I'm looking over the cuts I gained from this trip as Catalina fades into the fog and the trail of our boat wake, once a liquid line connecting us to her, begins to dissolve. There's one on my right index finger from bashing it into the metal weight on our stern line when I was climbing it down into the ocean to see how far I could go with both my breath and my bravery. The other is from nicking my left pinkie on the railing as I was pulling the dinghy up to the big boat. I used to be much more skittish about driving that dinghy, but I think I have found my confidence in it for now. At least you don't have any blind spots.
There are fortunately no other injuries (besides my broken finger from about five weeks ago). Especially not the emotional kind. The reason for this isn't because there wasn't any pain or arguing on this trip. There was. You see, my sister and I got in a fight on day two; right in the morning, right after breakfast when I still had raspberries on my plate I was gonna eat. Which sister it was isn't really important because I have fought with each of them about different things throughout our lives together. Over beanie babies and bitty babies and attention and copycating and differences of opinion. One time Danielle and I even fought over a cowboy at wilderness camp. He wasn't into either of us. He was 23, she was 14 and I was a 17 year old wearing Osh Kosh overalls...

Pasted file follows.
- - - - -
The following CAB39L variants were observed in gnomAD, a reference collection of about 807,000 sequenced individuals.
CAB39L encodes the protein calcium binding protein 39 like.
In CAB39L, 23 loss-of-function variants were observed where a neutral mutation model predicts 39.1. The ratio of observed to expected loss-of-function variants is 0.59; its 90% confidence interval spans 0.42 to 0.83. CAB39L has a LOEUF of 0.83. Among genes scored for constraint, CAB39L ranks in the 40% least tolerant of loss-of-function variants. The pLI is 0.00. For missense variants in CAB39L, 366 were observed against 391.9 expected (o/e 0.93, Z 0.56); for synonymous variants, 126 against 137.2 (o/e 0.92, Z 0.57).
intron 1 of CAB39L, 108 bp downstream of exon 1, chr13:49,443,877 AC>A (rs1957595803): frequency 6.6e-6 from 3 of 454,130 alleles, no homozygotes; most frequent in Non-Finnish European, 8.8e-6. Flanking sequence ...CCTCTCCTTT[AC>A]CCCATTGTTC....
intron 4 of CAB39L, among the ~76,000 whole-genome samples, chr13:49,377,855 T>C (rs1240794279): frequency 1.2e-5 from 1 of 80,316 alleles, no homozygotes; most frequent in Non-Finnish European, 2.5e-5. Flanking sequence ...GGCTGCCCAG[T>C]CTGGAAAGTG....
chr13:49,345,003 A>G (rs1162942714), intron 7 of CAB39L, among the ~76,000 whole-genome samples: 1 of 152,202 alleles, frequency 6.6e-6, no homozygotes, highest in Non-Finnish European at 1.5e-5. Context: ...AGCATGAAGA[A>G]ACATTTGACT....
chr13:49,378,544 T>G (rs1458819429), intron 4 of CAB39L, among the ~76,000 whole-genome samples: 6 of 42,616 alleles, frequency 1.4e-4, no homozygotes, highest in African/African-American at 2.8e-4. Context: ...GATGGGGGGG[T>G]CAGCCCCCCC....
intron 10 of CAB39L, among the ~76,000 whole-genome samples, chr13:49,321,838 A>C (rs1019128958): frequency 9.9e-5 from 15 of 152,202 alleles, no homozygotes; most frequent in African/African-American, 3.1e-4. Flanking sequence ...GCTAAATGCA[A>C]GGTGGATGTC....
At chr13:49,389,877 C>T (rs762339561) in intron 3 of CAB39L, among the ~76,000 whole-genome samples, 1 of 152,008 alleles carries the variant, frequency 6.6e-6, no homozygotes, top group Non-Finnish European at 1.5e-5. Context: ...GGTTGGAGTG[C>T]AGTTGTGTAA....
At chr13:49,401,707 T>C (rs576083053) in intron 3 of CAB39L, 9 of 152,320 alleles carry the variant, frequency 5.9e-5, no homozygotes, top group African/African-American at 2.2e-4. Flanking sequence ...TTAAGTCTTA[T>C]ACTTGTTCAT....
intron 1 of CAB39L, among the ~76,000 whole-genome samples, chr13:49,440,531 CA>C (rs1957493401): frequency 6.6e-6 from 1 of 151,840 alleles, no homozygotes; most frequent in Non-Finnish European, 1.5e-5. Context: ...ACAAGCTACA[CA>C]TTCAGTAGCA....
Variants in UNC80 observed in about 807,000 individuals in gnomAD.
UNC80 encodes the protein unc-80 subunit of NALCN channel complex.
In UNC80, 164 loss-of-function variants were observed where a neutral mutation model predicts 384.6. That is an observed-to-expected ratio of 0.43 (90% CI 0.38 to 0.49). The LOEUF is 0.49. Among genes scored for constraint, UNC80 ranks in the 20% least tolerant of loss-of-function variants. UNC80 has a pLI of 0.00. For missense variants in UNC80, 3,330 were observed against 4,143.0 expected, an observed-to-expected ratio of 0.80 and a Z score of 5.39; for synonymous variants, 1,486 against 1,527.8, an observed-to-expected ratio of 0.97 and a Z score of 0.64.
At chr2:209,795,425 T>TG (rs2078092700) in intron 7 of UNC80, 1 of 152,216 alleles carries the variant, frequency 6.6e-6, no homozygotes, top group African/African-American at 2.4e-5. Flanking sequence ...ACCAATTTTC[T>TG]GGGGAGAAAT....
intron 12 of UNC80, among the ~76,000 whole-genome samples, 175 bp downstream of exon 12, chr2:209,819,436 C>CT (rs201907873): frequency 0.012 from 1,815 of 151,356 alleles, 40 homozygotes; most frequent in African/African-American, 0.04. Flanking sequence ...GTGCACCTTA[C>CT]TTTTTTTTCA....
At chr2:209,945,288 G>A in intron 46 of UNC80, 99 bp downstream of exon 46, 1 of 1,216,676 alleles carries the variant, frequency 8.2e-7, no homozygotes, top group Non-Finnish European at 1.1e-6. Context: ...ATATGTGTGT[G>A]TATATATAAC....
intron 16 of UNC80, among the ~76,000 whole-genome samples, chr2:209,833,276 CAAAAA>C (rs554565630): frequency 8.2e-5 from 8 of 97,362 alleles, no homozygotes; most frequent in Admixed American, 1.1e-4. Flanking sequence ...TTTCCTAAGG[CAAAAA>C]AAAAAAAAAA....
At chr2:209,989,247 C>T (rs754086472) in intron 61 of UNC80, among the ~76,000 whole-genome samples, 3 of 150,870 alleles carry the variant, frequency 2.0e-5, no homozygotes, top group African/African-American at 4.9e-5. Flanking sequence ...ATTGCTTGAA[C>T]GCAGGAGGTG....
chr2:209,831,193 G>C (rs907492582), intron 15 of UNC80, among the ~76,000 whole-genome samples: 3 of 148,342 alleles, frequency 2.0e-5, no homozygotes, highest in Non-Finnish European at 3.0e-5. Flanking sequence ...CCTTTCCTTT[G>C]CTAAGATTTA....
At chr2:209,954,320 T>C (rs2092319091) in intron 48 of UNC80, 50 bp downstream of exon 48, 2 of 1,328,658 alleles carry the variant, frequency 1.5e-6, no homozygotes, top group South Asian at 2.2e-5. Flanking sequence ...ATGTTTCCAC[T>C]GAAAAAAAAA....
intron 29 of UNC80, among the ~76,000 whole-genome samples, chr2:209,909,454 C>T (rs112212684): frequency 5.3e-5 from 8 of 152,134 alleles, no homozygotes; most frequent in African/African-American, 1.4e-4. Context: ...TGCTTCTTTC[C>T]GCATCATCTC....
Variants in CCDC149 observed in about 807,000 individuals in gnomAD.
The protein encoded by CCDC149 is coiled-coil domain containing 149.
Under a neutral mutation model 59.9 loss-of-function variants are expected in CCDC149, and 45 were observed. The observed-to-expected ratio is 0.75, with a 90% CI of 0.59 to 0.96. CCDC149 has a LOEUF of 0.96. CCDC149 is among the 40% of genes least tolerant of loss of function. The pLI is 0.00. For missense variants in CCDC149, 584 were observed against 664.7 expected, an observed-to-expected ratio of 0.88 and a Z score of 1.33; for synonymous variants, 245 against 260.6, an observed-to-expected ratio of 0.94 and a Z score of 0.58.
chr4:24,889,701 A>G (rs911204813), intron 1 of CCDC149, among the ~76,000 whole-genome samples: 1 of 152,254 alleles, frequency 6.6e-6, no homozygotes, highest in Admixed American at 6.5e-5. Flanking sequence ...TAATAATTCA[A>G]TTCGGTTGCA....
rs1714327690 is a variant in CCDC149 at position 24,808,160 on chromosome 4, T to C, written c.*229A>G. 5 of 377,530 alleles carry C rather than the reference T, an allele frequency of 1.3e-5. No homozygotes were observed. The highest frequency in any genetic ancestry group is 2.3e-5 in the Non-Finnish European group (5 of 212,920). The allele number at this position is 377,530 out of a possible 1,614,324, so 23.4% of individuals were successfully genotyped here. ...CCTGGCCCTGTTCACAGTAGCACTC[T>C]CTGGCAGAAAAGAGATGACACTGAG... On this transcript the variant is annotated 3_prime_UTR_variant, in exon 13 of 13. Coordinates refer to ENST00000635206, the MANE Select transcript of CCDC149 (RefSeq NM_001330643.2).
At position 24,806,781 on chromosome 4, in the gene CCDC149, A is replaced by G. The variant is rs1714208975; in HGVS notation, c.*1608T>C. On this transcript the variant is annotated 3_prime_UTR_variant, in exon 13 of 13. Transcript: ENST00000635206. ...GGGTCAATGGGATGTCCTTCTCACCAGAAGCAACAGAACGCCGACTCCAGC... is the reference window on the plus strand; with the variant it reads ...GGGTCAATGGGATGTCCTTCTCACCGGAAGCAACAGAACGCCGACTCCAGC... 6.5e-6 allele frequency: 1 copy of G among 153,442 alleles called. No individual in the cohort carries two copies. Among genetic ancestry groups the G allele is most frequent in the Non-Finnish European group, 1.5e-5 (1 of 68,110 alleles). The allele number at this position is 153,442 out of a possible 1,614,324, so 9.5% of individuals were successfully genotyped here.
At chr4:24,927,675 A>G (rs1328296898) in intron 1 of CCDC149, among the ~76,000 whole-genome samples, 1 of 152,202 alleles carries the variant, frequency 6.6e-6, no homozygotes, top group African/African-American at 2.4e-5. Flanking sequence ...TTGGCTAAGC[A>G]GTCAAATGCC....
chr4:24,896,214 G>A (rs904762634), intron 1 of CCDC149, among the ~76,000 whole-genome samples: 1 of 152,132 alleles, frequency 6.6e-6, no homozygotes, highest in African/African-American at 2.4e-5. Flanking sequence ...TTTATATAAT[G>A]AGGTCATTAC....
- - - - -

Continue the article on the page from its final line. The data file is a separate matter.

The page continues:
None of this really matters either.
I learned something about fighting on this trip, something I might have always known, but not in a real confident kind of way. And not what you might think: that it isn't healthy or it isn't appropriate (which is maybe what I've thought at times). But that I fight with the people who are worth it to me. I fight with them because they matter and we mutually want our relationship to grow. It's not often and it's not ongoing, which is good, because if that was the case I might think we need therapy. But when they come, those fights that at first feel like heartburn, being caught in the rain and getting yelled at on your birthday eventually bring us closer. I am fighting with my sister so we can be better friends. I am fighting internally with myself to be a better version.
Something about admitting you argue with people feels embarrassing, like there is something wrong with you, but it's impossible to get along all the time and there is something wrong with everybody. I think we should all probably just get over feeling ashamed of it. It's important to fight for what matters: people, relationships, love, growth.
Maybe this epiphany I seem to have finally had, or at least finally written down, isn't really all that groundbreaking. I'm pretty sure that's the case, but it feels like a pretty big deal in my mind. Like that time I realized I wasn't a weird person just because I was an introvert.
It's freeing to admit that I argue with the people I love because I am fighting for them.
My sister and I hugged when we were finally back to understanding one another again and joined the group playing Scattergories in the salon. While I was sitting there with my tiny pencil in my hand, I had this intense feeling that I had already experienced this moment. Like one of those flashback scenes from a movie. Scott always tells me that deja vu means you're on the right path.
What are your thoughts on arguing? Do you do it, avoid it, embrace it, feel bad...?
p.s. sisters poem
p.p.s. "my dad is 60?" video